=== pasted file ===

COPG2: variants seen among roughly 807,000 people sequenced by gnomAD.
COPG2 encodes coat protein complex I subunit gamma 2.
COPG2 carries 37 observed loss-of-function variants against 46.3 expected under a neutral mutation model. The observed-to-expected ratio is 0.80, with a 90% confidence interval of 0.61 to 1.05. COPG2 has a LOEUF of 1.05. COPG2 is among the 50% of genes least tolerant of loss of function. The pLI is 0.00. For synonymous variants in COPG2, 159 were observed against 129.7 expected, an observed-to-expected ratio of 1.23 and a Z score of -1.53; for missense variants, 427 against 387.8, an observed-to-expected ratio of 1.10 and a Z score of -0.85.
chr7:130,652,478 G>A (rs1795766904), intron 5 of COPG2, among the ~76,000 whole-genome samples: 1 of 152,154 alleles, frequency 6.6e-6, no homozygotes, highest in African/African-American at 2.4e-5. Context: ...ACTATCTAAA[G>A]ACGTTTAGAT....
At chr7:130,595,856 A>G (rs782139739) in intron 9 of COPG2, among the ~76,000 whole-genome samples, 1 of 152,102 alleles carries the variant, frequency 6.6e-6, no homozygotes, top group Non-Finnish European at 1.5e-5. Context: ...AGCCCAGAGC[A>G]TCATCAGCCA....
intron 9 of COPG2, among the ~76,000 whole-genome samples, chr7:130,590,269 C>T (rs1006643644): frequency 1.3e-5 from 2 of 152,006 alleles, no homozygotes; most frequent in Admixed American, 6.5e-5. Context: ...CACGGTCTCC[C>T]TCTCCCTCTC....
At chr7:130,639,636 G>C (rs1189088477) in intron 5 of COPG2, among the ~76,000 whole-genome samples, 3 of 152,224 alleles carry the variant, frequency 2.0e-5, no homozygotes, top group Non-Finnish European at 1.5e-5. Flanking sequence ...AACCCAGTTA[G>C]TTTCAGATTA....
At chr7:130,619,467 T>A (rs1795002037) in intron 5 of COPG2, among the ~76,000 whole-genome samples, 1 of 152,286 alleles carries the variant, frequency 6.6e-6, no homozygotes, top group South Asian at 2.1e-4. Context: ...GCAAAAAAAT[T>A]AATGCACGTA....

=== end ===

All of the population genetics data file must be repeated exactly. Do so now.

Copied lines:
COPG2: variants seen among roughly 807,000 people sequenced by gnomAD.
COPG2 encodes coat protein complex I subunit gamma 2.
COPG2 carries 37 observed loss-of-function variants against 46.3 expected under a neutral mutation model. The observed-to-expected ratio is 0.80, with a 90% confidence interval of 0.61 to 1.05. COPG2 has a LOEUF of 1.05. COPG2 is among the 50% of genes least tolerant of loss of function. The pLI is 0.00. For synonymous variants in COPG2, 159 were observed against 129.7 expected, an observed-to-expected ratio of 1.23 and a Z score of -1.53; for missense variants, 427 against 387.8, an observed-to-expected ratio of 1.10 and a Z score of -0.85.
chr7:130,652,478 G>A (rs1795766904), intron 5 of COPG2, among the ~76,000 whole-genome samples: 1 of 152,154 alleles, frequency 6.6e-6, no homozygotes, highest in African/African-American at 2.4e-5. Context: ...ACTATCTAAA[G>A]ACGTTTAGAT....
At chr7:130,595,856 A>G (rs782139739) in intron 9 of COPG2, among the ~76,000 whole-genome samples, 1 of 152,102 alleles carries the variant, frequency 6.6e-6, no homozygotes, top group Non-Finnish European at 1.5e-5. Context: ...AGCCCAGAGC[A>G]TCATCAGCCA....
intron 9 of COPG2, among the ~76,000 whole-genome samples, chr7:130,590,269 C>T (rs1006643644): frequency 1.3e-5 from 2 of 152,006 alleles, no homozygotes; most frequent in Admixed American, 6.5e-5. Context: ...CACGGTCTCC[C>T]TCTCCCTCTC....
At chr7:130,639,636 G>C (rs1189088477) in intron 5 of COPG2, among the ~76,000 whole-genome samples, 3 of 152,224 alleles carry the variant, frequency 2.0e-5, no homozygotes, top group Non-Finnish European at 1.5e-5. Flanking sequence ...AACCCAGTTA[G>C]TTTCAGATTA....
At chr7:130,619,467 T>A (rs1795002037) in intron 5 of COPG2, among the ~76,000 whole-genome samples, 1 of 152,286 alleles carries the variant, frequency 6.6e-6, no homozygotes, top group South Asian at 2.1e-4. Context: ...GCAAAAAAAT[T>A]AATGCACGTA....